Admittedly, I'm a bit of a novice at hooking up electronics. What's the story with the 2 9V batteries? Can that be skipped and this connected through one power pin to the microcontroller?
You can use other batteries besides two 9Vs. That is just a quick and simple example to help people not familiar with dual supply powered sensors. Unfortunately, you cannot power the V3 with a single supply source like a microcontroller. You need a positive voltage and a negative voltage. Keep in mind that a negative voltage is not the same as ground.
That being said, the new MyoWare sensor (which will be soon available on Sparkfun) only requires a single supply power source and can be powered with a microcontroller directly. You can check it out here: https://www.kickstarter.com/projects/312488939/myowaretm-harness-the-power-of-your-muscle-signals
Managed to use them to control me exoskeleton https://www.youtube.com/watch?v=A91GoxHYcBM&feature=youtu.be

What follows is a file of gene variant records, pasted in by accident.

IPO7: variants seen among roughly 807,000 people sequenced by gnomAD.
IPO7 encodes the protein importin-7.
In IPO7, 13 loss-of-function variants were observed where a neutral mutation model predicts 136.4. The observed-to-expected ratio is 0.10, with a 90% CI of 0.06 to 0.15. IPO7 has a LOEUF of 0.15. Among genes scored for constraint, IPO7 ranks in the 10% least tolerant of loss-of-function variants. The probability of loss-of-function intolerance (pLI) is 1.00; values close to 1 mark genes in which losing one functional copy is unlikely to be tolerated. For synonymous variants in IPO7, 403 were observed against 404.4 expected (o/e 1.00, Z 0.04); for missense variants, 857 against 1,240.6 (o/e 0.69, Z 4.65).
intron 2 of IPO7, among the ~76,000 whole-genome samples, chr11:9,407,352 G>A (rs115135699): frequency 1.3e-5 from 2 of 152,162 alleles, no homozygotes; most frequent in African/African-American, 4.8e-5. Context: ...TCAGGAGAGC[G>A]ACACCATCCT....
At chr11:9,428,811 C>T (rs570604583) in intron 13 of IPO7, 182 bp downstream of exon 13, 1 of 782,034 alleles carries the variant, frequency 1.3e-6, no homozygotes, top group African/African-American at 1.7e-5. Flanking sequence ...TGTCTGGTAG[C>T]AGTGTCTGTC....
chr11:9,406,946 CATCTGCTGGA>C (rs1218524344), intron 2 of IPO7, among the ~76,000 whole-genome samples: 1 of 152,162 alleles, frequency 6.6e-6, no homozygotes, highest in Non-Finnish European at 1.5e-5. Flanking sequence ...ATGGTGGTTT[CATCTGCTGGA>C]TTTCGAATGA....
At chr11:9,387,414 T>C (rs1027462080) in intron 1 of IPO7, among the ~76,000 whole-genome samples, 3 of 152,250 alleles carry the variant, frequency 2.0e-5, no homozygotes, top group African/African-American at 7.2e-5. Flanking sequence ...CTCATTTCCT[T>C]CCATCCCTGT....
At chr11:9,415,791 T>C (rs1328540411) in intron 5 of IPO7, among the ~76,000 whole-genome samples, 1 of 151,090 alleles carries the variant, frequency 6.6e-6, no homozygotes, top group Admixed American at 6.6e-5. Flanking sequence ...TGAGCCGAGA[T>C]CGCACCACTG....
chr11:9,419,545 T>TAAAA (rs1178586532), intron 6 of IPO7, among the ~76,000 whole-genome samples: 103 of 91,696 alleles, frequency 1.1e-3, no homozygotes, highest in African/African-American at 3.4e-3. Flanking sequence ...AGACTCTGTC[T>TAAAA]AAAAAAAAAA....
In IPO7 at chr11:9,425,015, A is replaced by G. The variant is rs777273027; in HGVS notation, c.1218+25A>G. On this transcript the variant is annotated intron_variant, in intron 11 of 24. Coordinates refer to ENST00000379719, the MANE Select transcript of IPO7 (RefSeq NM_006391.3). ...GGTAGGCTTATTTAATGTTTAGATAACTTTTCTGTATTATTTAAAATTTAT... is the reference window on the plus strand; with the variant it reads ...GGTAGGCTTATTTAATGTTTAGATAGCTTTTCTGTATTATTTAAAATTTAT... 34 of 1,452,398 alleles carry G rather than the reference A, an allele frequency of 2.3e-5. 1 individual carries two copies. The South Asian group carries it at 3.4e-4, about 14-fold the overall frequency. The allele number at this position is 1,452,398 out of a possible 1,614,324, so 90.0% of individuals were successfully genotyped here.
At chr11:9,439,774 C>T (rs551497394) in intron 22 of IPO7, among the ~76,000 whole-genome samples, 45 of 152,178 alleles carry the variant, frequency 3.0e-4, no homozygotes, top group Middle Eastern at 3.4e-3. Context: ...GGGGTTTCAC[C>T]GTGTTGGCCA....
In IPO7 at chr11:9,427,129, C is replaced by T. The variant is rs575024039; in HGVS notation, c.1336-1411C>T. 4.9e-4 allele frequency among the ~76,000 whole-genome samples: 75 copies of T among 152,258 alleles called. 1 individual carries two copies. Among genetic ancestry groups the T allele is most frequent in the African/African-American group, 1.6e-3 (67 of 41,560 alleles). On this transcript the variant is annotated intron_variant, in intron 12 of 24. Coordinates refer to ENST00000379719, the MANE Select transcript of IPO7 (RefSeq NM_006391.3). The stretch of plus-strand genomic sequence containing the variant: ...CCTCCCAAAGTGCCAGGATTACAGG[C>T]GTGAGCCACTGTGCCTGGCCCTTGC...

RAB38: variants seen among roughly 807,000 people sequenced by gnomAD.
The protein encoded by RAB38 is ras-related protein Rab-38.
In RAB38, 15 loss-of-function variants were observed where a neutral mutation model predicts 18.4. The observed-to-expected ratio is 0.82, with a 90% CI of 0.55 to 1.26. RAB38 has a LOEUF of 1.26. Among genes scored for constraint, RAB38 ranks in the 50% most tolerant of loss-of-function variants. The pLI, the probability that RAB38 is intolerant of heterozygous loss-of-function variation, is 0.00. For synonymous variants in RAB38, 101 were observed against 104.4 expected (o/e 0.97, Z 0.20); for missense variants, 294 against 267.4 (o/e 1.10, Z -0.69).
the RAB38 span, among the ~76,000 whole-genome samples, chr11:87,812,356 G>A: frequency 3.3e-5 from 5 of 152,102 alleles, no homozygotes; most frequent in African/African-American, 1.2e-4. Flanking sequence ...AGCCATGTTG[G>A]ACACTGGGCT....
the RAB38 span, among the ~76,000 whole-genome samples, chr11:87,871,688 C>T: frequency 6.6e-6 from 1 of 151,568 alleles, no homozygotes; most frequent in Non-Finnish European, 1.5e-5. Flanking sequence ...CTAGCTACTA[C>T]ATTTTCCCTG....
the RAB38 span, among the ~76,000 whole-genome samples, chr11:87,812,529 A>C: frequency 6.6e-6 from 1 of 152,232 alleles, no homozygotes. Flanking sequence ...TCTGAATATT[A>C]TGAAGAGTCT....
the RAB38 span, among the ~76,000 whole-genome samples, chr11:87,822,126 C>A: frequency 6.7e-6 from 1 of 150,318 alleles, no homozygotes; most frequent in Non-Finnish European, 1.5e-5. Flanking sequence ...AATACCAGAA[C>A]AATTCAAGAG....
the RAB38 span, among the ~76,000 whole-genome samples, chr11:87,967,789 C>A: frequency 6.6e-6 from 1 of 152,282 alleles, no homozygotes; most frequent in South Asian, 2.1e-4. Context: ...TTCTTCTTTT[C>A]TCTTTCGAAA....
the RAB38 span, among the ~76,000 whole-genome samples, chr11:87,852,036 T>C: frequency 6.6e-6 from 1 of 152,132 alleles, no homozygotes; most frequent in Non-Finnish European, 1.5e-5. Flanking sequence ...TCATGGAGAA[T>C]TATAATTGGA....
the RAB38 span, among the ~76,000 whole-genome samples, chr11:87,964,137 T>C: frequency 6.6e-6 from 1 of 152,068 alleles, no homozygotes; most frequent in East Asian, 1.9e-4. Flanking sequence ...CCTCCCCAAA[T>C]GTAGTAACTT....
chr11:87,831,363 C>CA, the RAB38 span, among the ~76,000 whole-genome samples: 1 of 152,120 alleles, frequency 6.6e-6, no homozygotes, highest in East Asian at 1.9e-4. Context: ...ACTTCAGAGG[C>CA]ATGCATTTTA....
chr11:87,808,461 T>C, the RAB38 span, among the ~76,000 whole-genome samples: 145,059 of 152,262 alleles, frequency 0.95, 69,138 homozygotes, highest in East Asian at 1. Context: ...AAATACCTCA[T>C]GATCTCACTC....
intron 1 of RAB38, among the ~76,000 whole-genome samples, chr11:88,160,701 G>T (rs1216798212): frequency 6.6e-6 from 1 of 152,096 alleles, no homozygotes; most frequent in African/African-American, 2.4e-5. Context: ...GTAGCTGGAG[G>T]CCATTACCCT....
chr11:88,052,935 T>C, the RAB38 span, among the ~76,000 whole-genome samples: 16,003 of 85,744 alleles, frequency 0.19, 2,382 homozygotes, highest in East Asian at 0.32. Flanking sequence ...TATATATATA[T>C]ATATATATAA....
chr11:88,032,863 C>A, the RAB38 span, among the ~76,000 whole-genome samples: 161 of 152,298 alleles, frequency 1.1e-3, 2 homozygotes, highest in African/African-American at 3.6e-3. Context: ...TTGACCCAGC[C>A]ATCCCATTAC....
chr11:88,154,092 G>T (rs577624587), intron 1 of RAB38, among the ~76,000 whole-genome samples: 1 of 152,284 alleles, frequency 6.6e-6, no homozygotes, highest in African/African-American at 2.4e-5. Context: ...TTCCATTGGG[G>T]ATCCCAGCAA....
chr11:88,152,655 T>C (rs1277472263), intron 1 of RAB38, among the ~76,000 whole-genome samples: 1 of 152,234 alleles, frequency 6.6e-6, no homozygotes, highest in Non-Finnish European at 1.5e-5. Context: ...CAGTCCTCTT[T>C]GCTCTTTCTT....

They are excellent, although i recommend using conducting fabric with them as the pads only really have a couple of uses.
What is the maximum sampling rate of these kits? Are they limited in anyway?
It's an analog sensor so sampling rate doesn't really apply. It would depend on the ADC/microcontroller/DAQ that you use to measure it.
There is one output signal, than y the arduino code is reading through all the 6 analog pins and sending to serial port??
The Arduino code is meant to be run along side the Processing code. It outputs all six pins so you can connect up to 6 sensors and view their output graphically via Processing.
Has anyone had noise issues with this sensor? If so did you just do a running average of the data?